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Stomatocytosis Is Absent in “Stomatin”-Deficient Murine Red Blood Cells

Yiwen Zhu, Chris Paszty, Tikva Turetsky, Susan Tsai, Frans A. Kuypers, Gloria Lee, Philip Cooper, Patrick G. Gallagher, Mary E. Stevens, Edward Rubin, Narla Mohandas and William C. Mentzer

Abstract

To examine the relationship between erythrocyte membrane protein 7.2b deficiency and the hemolytic anemia of human hereditary stomatocytosis, we created 7.2b knock-out mice by standard gene targeting approaches. Immunoblots showed that homozygous knock-out mice completely lacked erythrocyte protein 7.2b. Despite the absence of protein 7.2b, there was no hemolytic anemia and mouse red blood cells (RBCs) were normal in morphology, cell indices, hydration status, monovalent cation content, and ability to translocate lipids. The absence of the phenotype of hereditary stomatocytosis implies that protein 7.2b deficiency plays no direct role in the etiology of this disorder and casts doubt on the previously proposed role of this protein as a mediator of cation transport in RBC.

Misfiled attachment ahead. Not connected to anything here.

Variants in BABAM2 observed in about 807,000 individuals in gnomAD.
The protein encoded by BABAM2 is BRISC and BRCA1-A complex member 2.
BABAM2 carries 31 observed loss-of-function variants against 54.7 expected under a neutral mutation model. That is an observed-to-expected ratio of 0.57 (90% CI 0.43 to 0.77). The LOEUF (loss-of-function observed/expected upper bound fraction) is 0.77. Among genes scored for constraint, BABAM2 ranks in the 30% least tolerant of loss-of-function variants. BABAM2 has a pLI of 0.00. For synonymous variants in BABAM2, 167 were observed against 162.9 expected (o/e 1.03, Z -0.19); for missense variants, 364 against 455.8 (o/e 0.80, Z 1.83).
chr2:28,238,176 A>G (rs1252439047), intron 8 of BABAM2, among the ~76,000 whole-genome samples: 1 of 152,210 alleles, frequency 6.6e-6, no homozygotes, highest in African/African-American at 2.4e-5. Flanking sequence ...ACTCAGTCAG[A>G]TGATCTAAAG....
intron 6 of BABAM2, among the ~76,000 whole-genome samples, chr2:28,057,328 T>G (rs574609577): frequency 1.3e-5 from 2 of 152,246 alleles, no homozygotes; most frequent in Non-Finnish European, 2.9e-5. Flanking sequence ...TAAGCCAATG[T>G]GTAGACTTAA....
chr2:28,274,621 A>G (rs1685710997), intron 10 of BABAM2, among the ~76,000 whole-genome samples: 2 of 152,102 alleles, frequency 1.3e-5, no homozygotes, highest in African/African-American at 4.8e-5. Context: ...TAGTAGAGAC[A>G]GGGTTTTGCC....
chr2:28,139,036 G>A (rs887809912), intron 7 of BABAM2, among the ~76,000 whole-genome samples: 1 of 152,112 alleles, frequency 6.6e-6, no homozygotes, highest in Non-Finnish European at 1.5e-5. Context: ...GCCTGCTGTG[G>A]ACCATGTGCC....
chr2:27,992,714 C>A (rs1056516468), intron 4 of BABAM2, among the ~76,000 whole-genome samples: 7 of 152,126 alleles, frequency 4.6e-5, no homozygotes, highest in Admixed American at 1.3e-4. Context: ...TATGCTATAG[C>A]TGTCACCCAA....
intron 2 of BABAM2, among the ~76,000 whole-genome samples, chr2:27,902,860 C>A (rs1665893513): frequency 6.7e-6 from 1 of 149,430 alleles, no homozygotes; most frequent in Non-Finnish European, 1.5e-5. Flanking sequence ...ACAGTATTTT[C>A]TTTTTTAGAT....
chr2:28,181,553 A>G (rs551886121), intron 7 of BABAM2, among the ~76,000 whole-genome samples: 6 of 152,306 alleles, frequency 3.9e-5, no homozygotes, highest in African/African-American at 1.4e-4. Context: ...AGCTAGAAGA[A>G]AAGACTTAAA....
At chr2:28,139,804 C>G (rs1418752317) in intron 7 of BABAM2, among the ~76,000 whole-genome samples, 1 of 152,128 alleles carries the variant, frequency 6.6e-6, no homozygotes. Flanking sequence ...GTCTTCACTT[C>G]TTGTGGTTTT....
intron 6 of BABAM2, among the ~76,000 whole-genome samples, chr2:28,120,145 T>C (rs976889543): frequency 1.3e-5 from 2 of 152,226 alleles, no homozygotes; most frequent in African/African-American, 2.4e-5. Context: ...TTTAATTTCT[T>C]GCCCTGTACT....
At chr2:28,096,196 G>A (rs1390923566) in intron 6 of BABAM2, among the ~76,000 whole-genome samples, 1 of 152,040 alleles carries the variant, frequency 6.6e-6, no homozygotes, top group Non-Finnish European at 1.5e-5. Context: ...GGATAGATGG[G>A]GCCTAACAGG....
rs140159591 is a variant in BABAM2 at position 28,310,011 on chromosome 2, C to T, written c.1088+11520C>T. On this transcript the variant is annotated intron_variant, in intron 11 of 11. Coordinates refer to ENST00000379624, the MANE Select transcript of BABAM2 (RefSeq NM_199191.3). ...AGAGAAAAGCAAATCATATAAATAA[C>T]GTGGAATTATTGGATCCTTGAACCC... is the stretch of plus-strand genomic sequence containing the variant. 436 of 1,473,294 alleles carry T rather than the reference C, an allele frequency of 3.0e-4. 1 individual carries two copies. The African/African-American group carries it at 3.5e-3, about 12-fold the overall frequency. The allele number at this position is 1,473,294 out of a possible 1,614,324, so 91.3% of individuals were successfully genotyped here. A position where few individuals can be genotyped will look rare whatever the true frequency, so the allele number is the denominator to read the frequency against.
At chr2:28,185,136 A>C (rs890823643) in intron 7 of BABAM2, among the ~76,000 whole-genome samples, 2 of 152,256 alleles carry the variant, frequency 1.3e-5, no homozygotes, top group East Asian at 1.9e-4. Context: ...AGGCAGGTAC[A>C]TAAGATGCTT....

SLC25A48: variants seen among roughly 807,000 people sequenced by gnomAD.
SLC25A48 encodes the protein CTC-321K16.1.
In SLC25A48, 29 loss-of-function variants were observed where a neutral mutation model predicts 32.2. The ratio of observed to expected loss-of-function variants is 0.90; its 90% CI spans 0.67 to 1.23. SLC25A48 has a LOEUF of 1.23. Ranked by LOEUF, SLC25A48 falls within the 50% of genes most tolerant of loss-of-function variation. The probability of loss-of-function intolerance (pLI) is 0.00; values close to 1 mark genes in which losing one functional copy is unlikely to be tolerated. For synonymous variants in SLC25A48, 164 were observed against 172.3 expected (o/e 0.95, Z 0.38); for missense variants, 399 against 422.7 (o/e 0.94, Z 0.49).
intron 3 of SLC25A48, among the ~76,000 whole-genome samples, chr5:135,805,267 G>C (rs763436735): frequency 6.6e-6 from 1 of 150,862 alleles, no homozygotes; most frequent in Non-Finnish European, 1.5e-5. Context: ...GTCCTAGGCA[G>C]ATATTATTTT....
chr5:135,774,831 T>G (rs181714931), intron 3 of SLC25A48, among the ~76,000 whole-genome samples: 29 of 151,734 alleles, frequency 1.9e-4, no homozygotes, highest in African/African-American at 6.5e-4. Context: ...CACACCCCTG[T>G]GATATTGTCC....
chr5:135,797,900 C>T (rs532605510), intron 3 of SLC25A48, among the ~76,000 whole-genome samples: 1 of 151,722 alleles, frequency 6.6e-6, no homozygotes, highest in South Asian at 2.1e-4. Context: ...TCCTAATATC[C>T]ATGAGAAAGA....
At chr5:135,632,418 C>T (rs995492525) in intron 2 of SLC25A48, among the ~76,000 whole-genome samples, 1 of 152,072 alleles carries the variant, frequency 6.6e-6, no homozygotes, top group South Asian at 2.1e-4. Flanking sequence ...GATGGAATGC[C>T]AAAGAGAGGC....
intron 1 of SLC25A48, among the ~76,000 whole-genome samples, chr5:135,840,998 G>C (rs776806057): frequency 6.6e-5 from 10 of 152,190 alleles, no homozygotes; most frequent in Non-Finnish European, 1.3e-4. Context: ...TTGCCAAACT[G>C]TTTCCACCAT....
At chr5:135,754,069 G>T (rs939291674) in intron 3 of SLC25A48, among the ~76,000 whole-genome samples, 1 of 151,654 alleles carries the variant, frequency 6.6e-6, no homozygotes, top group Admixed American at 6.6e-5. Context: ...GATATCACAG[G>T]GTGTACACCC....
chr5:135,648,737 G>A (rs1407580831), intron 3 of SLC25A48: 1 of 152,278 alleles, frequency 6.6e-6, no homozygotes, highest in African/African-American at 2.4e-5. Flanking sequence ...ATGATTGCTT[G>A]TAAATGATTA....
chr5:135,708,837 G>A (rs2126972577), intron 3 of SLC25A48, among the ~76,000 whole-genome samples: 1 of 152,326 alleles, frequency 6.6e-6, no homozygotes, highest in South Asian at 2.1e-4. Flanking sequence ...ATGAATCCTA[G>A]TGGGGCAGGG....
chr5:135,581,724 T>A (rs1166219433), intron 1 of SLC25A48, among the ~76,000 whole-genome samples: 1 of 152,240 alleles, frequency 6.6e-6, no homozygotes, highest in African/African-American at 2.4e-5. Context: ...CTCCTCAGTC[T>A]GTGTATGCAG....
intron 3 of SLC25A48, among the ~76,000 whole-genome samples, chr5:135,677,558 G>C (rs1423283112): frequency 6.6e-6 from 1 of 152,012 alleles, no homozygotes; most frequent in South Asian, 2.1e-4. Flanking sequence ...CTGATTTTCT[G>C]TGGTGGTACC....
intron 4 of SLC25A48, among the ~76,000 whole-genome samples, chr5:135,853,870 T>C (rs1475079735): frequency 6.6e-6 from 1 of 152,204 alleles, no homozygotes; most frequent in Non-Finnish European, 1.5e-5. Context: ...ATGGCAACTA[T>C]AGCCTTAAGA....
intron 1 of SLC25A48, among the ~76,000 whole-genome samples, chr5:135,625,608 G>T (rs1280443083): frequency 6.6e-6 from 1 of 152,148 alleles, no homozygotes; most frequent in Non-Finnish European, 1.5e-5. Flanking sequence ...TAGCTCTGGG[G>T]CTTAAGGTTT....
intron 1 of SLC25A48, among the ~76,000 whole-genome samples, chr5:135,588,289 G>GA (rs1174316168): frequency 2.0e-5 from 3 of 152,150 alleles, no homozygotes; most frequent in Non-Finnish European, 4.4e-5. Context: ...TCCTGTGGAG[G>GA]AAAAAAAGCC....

HEREDITARY stomatocytosis is a rare inherited abnormality of human red blood cells (RBCs) that greatly increases permeability to monovalent cations. Because the accumulation of intracellular Na+ exceeds the loss of intracellular K+, there is an increase in intracellular cations accompanied by a movement of water into the cell, cell swelling, a stomatocytic shape change, increased osmotic fragility, and a shortened RBC life span. The result is a moderate to severe lifelong hemolytic anemia.1 The nature of the membrane defect responsible for the strikingly abnormal cation permeability that underlies the disorder is unknown.